Slam Shady BOMBER is even more useful on windy days because of the vibration it casts out into the water that can attract fish over to strike.

If you want to mimic larger baitfish or create more vibration in the water, then go for the Slam Shady BOMBER.

These lures are going to be your go-to presentations for summer redfish.

One more thing to note when fishing paddletail lures is the weight of your jighead or hook.

I prefer to use a 1/8 oz. weedless weighted hook when fishing both of these lures.

Most of the redfish you will come across in the summer are in less than 3-5 feet of water.

In the mornings and evenings, they are going to get as close as they can to shorelines.

During the day, redfish are sitting out in channels and deeper water looking for stable temperatures.

The feeding redfish are going to be in shallow water.

1/8 oz. hooks do a fantastic job of recreating the same drift and glide a small baitfish hovering close to the bottom would have.

Johnson Silver Minnow Spoon

Spoons are simply phenomenal for catching big redfish in the summertime.

They do an excellent job of mimicking really small, shiny shad bait that is the main source of food for fish in the summer.

You want to make sure you get a weedless spoon and the Johnson Silver Minnow has been crushing it for years.

A spoon is also one of the best lures to throw into the wind and can be a weapon for you on windy days.

Spoons cut through the wind and will cast pretty much exactly where you aim.

Furthermore, summertime showers are common and that can lead to fishing in tannic, dirty water.

This is the time to throw out a spoon.

The tannic water causes the spoon to pop and reflect light from the sun.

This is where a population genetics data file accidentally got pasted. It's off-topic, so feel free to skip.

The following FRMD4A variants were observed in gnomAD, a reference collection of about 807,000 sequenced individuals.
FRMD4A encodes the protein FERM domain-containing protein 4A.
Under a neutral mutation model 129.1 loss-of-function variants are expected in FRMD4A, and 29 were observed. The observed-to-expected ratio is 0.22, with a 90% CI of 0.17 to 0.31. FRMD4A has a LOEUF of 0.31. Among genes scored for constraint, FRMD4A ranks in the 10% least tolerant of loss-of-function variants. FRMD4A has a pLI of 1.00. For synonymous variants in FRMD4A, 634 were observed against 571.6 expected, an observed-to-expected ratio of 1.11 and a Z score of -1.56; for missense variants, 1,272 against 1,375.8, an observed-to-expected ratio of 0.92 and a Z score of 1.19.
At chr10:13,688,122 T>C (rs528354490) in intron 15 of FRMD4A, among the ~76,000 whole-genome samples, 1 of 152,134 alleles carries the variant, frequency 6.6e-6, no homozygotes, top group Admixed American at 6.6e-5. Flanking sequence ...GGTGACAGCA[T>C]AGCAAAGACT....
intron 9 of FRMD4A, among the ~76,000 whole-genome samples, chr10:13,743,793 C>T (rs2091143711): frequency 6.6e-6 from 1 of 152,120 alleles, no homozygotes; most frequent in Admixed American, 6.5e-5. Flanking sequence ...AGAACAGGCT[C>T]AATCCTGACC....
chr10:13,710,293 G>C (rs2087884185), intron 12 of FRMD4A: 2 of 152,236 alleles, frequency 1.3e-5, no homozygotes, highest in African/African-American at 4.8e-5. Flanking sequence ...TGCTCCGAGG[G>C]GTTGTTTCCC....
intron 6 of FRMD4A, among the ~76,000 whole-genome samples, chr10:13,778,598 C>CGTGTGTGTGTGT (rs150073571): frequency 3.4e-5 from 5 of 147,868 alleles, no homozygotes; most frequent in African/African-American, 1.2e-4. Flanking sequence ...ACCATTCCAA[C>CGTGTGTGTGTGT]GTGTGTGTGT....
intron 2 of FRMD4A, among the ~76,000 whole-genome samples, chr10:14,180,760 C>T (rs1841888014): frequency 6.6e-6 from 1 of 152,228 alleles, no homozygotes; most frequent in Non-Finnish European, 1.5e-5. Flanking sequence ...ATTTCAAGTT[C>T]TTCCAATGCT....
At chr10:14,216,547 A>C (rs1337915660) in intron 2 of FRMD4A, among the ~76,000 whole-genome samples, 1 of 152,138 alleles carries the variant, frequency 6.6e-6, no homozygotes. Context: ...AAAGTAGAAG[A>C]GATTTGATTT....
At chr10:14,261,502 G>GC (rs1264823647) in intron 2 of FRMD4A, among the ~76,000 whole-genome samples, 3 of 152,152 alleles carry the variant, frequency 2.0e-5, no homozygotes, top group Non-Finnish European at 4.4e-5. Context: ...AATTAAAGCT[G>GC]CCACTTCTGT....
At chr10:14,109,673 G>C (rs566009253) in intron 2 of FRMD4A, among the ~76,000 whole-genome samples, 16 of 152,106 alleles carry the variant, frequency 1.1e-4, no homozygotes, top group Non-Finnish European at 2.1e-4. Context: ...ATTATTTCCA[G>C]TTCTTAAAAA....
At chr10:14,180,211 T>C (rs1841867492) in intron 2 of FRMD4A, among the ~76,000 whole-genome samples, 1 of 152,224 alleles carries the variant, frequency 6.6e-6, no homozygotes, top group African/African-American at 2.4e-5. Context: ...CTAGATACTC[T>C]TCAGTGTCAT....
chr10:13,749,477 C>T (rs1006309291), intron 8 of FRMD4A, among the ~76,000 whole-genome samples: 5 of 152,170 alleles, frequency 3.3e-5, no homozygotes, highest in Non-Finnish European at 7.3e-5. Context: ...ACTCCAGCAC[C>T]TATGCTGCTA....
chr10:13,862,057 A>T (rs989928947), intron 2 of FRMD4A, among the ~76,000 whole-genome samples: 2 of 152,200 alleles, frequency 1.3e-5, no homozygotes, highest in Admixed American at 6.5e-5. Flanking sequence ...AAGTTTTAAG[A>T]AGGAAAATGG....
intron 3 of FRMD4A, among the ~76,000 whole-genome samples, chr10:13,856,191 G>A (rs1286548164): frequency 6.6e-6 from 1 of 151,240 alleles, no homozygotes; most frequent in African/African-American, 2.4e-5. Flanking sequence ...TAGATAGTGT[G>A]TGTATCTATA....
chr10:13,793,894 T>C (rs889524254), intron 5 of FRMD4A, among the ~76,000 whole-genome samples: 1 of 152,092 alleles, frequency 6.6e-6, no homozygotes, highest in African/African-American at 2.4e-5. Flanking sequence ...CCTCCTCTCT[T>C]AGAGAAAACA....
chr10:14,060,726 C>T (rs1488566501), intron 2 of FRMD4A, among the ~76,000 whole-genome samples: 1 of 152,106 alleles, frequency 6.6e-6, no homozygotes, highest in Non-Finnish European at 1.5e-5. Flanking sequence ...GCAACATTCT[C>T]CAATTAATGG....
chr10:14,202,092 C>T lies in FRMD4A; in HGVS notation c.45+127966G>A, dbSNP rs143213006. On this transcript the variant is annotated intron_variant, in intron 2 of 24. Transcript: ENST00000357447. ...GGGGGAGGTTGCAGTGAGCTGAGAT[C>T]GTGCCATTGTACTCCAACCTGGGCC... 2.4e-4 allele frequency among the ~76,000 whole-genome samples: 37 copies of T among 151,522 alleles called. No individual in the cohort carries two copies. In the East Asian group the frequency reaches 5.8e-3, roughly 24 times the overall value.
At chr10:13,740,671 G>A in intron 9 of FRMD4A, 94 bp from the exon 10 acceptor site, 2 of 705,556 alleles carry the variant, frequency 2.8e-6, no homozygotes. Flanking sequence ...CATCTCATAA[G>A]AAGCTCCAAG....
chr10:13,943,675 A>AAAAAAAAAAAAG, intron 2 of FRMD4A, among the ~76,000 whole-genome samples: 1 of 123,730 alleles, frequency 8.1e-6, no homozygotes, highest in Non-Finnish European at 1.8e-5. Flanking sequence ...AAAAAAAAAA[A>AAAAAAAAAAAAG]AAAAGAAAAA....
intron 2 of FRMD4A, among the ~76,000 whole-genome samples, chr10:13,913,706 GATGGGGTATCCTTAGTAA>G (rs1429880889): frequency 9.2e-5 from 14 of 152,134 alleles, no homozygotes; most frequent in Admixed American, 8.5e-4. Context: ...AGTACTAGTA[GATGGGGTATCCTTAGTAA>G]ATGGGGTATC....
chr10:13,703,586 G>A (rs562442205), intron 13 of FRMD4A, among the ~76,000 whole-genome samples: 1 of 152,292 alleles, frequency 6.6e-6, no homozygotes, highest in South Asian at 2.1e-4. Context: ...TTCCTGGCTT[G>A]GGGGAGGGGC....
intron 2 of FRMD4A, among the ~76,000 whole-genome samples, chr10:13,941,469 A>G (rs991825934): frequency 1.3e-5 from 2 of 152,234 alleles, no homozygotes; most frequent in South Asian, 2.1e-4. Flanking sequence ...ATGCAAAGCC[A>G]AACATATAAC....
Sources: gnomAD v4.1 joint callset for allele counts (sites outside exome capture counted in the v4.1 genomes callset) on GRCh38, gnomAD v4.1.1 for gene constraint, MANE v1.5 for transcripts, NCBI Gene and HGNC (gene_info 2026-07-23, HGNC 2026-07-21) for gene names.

You want to slowly retrieve this spoon so it sits below schools of bait and acts as an easy meal for redfish to pluck off.

Gold or silver will work great and it really does come down to personal preference but I do prefer silver on most days.

My personal rule of thumb is silver spoons in clean water and gold spoons in dirtier water.

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summer redfish tackle and lures

These lures are my own personal preferences and all lures that were shared above I use on a daily basis.

There could be other lures that you think belong in the top 3 or other lures that just perform for you time and again.

Please share what works for you down in the comments and if you found this helpful, let me know!

Equipment Mentioned:

Do you have any questions about the lures you need to catch redfish?

Let me know down in the comments!

If you know someone who wants to learn more about the lures you need to catch redfish, please TAG or SHARE this with them!

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Tammi Morrisette
1 year ago

A.M. Fishing Purple Haze paddle tails have been my go to bait for the past year.

David Pyle
1 year ago

This was a fantastic video for me; very practical. My question has to do with rigging these lutes. Do you use a leader which involves a snap swivel or at least some type of hardware, or do you tie the lure right on to braid? Thanks for your help.

1 year ago

great info wyatt

Frank Ladd
1 year ago

I use spinner baits like the Redfish Magic. But be care because they work on trout, flounder, spanish, and blufish too.

Anthony J LaMartina
1 year ago

Which weedless hooks are you referring to. A jig head weedless?

Gray Spratling
1 year ago

Are Redfish not as interested in shrimp as they are white bait in the summer months? Also, the Cobia are plentiful in Tampa Bay and they are smoking the Bomber.

Robert Miranda
1 year ago

Maybe a short video on how to tie different lures/plastics, whether to use a loop or direct hard tie.

1 year ago

I’ve had good luck with a Vudu shrimp under a 4 Horsemen popping cork for redfish.

Drew Whalen
1 year ago

Great info here!

Last edited 1 year ago by Drew Whalen
Jon Usher
1 year ago

Hi Wyatt,
Great article. I’ve got everything except the Johnson Silver minnows – what size do you recommend?